Nonstationary time series, cointegration, and the principle of the common cause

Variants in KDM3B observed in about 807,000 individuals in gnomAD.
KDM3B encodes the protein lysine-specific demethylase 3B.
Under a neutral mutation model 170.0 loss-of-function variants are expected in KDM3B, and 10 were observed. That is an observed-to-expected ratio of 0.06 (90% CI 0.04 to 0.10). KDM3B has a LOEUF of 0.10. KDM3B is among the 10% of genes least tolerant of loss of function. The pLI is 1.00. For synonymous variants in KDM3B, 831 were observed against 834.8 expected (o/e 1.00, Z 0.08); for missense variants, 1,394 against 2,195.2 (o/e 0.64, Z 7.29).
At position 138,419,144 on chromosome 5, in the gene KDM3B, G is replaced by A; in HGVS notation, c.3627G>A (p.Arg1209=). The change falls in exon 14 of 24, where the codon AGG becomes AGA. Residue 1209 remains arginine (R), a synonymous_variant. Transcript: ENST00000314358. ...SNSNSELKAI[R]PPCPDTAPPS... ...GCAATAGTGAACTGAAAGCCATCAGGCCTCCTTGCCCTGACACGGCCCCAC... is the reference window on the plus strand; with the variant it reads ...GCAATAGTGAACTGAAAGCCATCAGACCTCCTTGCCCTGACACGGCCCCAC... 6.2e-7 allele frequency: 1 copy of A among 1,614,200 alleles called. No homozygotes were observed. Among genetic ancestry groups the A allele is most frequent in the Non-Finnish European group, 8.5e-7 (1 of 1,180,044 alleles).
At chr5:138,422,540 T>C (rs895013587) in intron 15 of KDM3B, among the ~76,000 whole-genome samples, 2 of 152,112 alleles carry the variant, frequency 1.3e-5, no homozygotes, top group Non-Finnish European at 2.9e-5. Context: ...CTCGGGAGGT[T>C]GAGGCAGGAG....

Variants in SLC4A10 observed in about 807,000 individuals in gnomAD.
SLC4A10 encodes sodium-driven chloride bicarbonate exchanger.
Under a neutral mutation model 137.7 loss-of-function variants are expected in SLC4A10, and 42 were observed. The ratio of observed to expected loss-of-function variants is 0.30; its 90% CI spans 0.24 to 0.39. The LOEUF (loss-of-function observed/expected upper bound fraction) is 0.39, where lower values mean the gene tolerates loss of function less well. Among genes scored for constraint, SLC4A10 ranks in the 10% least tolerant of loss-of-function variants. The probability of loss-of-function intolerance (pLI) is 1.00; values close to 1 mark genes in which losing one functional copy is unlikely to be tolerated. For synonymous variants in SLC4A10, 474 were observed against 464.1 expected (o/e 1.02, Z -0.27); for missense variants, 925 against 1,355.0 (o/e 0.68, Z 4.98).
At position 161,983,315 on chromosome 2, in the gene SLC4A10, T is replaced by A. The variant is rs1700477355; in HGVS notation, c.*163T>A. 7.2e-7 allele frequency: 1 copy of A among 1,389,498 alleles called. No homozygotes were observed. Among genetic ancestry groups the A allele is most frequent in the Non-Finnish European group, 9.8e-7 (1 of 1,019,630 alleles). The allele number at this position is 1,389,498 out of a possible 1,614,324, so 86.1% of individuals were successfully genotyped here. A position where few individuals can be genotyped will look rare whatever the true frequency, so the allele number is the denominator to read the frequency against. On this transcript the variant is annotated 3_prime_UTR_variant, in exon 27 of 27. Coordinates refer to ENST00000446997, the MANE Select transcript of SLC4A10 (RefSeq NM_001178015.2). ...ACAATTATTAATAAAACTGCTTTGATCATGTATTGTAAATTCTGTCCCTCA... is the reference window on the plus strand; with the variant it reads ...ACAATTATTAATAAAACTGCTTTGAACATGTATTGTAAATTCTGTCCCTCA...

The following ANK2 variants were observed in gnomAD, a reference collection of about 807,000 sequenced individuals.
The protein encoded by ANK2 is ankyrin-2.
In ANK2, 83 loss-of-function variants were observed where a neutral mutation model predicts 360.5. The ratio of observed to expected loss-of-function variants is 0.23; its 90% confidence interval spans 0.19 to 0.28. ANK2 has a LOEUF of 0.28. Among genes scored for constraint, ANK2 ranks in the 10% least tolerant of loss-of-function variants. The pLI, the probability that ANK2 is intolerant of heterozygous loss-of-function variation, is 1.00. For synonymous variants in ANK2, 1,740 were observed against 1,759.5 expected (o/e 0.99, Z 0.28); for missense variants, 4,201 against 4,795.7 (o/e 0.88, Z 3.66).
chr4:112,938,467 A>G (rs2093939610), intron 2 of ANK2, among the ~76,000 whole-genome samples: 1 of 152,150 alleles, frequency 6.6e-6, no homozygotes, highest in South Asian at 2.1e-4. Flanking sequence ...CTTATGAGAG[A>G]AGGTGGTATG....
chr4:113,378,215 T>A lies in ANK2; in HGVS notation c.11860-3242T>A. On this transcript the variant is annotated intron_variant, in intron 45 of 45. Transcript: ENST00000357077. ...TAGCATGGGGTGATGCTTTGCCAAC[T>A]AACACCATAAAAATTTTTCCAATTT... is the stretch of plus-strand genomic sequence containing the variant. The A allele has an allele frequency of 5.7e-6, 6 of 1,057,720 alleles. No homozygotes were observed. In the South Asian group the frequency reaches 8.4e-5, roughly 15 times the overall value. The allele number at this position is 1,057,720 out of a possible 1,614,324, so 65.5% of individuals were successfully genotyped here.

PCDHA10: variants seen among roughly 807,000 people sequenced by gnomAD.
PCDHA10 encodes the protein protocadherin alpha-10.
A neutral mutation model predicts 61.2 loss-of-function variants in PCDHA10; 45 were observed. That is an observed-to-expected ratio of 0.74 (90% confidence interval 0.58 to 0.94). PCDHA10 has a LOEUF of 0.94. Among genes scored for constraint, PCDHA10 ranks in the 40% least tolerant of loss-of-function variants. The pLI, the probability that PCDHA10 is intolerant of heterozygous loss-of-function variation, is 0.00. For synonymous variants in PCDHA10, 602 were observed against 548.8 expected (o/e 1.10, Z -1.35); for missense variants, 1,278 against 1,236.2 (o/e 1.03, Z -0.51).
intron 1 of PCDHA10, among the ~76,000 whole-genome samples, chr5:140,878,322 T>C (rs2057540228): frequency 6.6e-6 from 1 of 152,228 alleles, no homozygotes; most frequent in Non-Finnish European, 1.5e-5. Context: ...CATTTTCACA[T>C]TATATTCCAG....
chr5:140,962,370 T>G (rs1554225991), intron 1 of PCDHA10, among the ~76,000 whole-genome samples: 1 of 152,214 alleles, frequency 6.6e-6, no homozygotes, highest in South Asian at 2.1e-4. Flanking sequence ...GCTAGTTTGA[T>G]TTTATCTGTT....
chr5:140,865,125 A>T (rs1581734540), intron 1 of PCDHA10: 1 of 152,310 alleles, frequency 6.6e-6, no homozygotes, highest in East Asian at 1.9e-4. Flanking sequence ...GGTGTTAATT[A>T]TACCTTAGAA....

Elliot Sober () forcefully restates his well-known counterexample to Reichenbach's principle of the common cause: bread prices in Britain and sea levels in Venice both rise over time and are, therefore, correlated; yet they are ex hypothesi not causally connected, which violates the principle of the common cause. The counterexample employs nonstationary data - i.e., data with time-dependent population moments. Common measures of statistical association do not generally reflect probabilistic dependence among nonstationary data. I demonstrate the inadequacy of the counterexample and of some previous responses to it, as well as illustrating more appropriate measures of probabilistic dependence in the nonstationary case.
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